Did they fuck. They went to war over the last remaining decent-sized stocks of oil and natural gas (high-quality energy) in the Middle East. All the while spinning out pipe dreams about self-driving cars and Elon Musk’s frankly bonkers man-on-Mars plan. The game is to prevent thinking people from thinking too hard about what’s actually happening in their own lives. And also engaging people in endless debates about which flavour of Kool-Aid ‘matters’ most – black lives, LGBT rights, Disabled Access, First Nation land rights or whatever.

Well, durrr. They all matter. But they are also being used as a smokescreen to distract everyone in the 99% from the scale of the ongoing theft of real wealth and its substitution with IOUs that the elites know they cannot honour in a resource-constrained future.

Now it seems that even the best bread and circuses that technology can provide aren’t enough. Trump and Brexit were moments when ‘ordinary hard-working’ people turned round and bit the hand that was feeding them a diet of mass media bullshit.

The shame on all of us is that we’ve gone along with it for so long that the only way for Americans to register their disgust with a democratic process systematic rigged against them was to elect a showboating huckster.

Abe never said it

As a postscript, there’s no record anywhere of Abraham Lincoln uttering the famous quip about fooling people all the time. It’s very likely the phrase was invented, long after Abe was assassinated, as an adversing gimmick to sell false teeth, tobacco and booze among many other things.

Like they say, believe nothing of what you hear and only half of what you see.


Good morning America, how are ya?



Yeah well, that’s a headline for tomorrow, 9th November, but everyone will be using it then.

Today a presidential candidate with a disapproval rating of 79% goes to the polls against a candidate with an 81% disapproval rating.

As Steve from Virginia said today on his blog, Economic Undertow:

“Both candidates are the products of big business. It is revealing this is the best leadership that gigantic money can buy.”

Like its rise, America’s decline is a process not an event. America peaked somewhere between the candidacies of Reagan and Trump. Who, let’s face it, have much more in common than the millions of Americans who go all dewy-eyed at the mention of Ronnie are prepared to admit.

The one a religious fantasist, the other a narcissistic fantasist. Both claiming they will make America great .… and then that “again”. Both having acquired their veneer of popular recognition via the mass media.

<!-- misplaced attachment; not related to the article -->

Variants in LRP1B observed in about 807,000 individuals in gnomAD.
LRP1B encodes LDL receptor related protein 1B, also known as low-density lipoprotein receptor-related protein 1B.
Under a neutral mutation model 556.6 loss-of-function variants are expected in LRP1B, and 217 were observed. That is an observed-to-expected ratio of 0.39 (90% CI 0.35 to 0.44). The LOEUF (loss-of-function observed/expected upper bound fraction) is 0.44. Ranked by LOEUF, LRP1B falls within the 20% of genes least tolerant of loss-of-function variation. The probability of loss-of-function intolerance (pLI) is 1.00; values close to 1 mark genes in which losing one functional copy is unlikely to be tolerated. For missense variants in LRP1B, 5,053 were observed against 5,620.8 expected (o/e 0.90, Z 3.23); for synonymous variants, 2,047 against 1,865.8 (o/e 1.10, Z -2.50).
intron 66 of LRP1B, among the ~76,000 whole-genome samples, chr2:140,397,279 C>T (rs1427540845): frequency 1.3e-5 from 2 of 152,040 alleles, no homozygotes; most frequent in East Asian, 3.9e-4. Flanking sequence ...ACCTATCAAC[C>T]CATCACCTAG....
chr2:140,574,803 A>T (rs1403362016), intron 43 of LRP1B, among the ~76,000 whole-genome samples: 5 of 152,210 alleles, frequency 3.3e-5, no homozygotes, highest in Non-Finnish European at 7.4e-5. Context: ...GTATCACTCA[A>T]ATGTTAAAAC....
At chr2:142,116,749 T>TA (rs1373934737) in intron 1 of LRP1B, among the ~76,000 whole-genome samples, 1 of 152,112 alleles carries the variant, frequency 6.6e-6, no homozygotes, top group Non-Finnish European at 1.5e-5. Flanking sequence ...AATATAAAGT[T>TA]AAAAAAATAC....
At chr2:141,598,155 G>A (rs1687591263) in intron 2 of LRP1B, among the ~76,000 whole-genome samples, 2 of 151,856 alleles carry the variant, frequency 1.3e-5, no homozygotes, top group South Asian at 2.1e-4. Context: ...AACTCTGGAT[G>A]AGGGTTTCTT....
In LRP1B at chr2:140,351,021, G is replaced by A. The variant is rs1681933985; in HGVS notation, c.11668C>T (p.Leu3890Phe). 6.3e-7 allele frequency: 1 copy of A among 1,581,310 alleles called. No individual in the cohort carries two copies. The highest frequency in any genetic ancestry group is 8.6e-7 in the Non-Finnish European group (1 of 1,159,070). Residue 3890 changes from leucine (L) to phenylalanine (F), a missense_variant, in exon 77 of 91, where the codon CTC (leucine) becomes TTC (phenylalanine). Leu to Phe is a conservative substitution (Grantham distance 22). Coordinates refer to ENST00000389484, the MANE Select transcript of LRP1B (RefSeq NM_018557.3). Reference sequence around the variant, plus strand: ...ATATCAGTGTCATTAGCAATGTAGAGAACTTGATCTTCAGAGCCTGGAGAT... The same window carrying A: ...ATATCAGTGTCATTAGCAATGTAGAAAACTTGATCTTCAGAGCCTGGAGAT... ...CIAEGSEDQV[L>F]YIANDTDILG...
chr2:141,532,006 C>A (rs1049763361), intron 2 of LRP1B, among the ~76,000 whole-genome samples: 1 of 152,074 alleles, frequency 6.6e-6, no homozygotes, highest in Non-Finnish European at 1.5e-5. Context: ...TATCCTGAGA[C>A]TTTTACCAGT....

That’s not to say they have, or had, similar characters. Reagan was a nice enough guy who was happy enough to act as a popular frontman for the financial-media-military-industrial complex. The peaking of net energy available to industrial civilisation was coming into view and Reagan was chosen as the smiley-face puppet by the forces who believed it was “America’s” (i.e. their) Manifest Destiny to hog what was left for themselves and damn the rest of the world and the electorate’s grandkids.

Now the tide of industrial civilisation has moved into its long and difficult – well, one hopes it won’t be short and nasty – ebb phase. More people, more vehicles, more stuff and ever-higher expectations vs. less and less net energy left over to power our lifestyles once one subtracts the costs of extracting oil from sand or shale, and conducting interminable wars for access to the dwindling supply of “good stuff.”

Trump is the downslope’s black mirror of what Reagan represented on the upslope. Whereas Reagan was a genial guy with a cupboard-full of goodies to squander on a grateful electorate (albeit goodies his backers were effectively stealing from future generations), Trump is the embodiment of the 99%’s anger over their own steadily-worsening situation.

What would be funny if it wasn’t so sad/disgusting is the utter shock and surprise inside the liberal elites’ media at the spectacle of Trump giving ‘their’ candidate a run for her money (ha ha: it’s our money and she represents the people who shamelessly help themselves to it). “B-b-b-but he’s ghastly”, they stammer. “He appeals to the lowest elements in human nature, etc. etc.”

What scares the elite media is the apparent incoherence of the electors’ anger. Don’t the media work ceaselessly to reassure the people that everything is rosy; that, if readers just wish hard enough and take on enough debt, they too can have the lifestyle and aspirations peddled day in and day out by the papers?